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Despite the result, because Lynch took to the ring as a fully-fledged bantamweight, Nat Fleischer, of ''The Ring'' magazine, argued that Jurich should have been crowned champion in accordance with the rules of boxing, especially as he was the number-one challenger. As far as the magazine was concerned Jurich was the world champion and was shown as such.  
  
On 28 July 1938 the NYSAC suggested that if Kane, Jurich, [[Small Montana]], [[Little Dado]] and [[Katsumi Morioka]] went into a series of eliminators they would recognise the winner as champion. Ignoring all advices, the heavy-hitting Kane was matched against Jurich for the vacant title by the BBBoC without the support of the NBA, NYSAC or IBU, while the claims of the Filipino eight stoners, Dado and Montana, were strongly supported by California.  
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On 28 July 1938 the NYSAC suggested that if Kane, Jurich, [[Small Montana]], [[Little Dado]] and [[Katsumi Morioka]] went into a series of eliminators they would recognise the winner as champion. Ignoring all advices, the heavy-hitting Kane was matched against Jurich for the vacant title by the BBBoC without the support of the NBA, NYSAC or IBU, while the claims of the Filipino eight stoners, Dado and Montana, were strongly supported by California.
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For Lynch, however, it was almost the end of the road and following two bad defeats at the hands of [[KO Morgan]] and [[Aurel Toma]] he retired. 
  
 
[[Category: 1937 Title Contests]]
 
[[Category: 1937 Title Contests]]
 
[[Category: Flyweight Division]]
 
[[Category: Flyweight Division]]

Revision as of 20:50, 13 November 2012

1937-10-13 Benny Lynch w co 13 (15) Peter Kane, Shawfield Park, Glasgow, Scotland - GB/NBA/NY. Referee: Barrington Dalby. Down in the first, Kane (110¾) came back strongly to hold his own before Lynch (111¼) took over in the tenth. The next three rounds saw the little champion landing punch after punch, and in the 13th after being put down heavily Kane somehow got up only to be poleaxed for the full count, another right doing the damage.

A few days later, on 18 October, Tiny Bostock knocked out Nicolas Petit-Biquet, the former European bantamweight champion, and leapfrogged Kane to become The Ring magazine’s top rated flyweight. Bostock had been in the top ten for some time and looked as though he might have made the breakthrough, but less than a month later he had been outpointed by Pierre Louis, who was then beaten in December by Tut Whalley, another long-time top-ten man.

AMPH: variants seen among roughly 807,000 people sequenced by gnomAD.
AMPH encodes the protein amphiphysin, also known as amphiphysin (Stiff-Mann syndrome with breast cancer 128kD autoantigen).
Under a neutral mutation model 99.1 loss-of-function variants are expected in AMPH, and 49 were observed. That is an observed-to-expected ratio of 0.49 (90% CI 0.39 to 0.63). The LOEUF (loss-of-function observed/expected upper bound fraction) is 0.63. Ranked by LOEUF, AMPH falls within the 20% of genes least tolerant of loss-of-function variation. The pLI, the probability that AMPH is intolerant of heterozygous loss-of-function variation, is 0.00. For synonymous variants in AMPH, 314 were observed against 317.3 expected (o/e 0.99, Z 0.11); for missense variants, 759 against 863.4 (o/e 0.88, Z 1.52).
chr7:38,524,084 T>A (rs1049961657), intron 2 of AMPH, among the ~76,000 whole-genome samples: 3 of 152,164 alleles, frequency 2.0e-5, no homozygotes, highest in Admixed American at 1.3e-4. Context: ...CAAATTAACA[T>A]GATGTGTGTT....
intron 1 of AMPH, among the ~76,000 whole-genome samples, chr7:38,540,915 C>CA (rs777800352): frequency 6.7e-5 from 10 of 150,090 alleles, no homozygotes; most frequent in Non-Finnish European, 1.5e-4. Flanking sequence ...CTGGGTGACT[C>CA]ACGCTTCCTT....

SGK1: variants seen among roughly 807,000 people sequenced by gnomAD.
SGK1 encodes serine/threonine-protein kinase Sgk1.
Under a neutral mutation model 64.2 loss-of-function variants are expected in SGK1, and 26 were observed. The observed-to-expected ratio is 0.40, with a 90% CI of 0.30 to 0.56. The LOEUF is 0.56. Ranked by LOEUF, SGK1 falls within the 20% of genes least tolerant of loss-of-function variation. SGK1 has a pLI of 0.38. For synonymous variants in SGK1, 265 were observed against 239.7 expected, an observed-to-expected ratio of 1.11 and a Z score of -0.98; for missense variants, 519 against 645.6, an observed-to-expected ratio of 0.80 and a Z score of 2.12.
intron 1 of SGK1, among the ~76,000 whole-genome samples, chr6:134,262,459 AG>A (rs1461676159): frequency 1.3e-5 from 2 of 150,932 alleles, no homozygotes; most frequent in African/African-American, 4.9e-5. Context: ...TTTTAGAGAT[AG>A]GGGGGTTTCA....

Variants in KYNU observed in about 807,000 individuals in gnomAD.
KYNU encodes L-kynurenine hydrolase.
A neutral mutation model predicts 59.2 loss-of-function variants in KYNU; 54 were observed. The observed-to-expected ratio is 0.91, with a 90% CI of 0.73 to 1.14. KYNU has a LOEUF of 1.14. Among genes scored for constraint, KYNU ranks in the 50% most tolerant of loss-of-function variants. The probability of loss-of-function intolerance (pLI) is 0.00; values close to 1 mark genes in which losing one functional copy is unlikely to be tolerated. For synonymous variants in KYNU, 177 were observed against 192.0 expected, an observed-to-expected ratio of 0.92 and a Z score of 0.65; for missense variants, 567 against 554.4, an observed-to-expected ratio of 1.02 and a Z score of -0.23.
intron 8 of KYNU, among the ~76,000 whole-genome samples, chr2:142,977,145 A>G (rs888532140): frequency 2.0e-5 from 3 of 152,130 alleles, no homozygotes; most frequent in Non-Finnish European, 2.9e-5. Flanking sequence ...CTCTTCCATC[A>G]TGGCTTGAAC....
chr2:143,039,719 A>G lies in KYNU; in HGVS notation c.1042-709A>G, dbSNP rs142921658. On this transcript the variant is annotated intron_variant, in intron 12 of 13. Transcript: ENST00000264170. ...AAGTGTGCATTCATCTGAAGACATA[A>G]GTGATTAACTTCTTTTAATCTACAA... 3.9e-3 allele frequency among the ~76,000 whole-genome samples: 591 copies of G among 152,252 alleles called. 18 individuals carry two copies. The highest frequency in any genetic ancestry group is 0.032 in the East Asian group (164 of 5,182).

With Kane back in top place and contracted to meet Lynch for the title in a return match at The Stadium, Liverpool on 24 March 1938, the champion failed to make the weight and although the contest went ahead, resulting in a 12-round draw, he was fortunate not to forfeit the championship.

Following that debacle he finally forfeited the title both in Britain and America when weighing in six and a half pounds overweight for a championship match against Jackie Jurich at Shawfield Park on 29 June 1938. Having already been postponed twice after Lynch suffered an injured elbow in training, the fight went ahead, with Jurich being counted out in the 12th round.

Despite the result, because Lynch took to the ring as a fully-fledged bantamweight, Nat Fleischer, of The Ring magazine, argued that Jurich should have been crowned champion in accordance with the rules of boxing, especially as he was the number-one challenger. As far as the magazine was concerned Jurich was the world champion and was shown as such.

On 28 July 1938 the NYSAC suggested that if Kane, Jurich, Small Montana, Little Dado and Katsumi Morioka went into a series of eliminators they would recognise the winner as champion. Ignoring all advices, the heavy-hitting Kane was matched against Jurich for the vacant title by the BBBoC without the support of the NBA, NYSAC or IBU, while the claims of the Filipino eight stoners, Dado and Montana, were strongly supported by California.

For Lynch, however, it was almost the end of the road and following two bad defeats at the hands of KO Morgan and Aurel Toma he retired.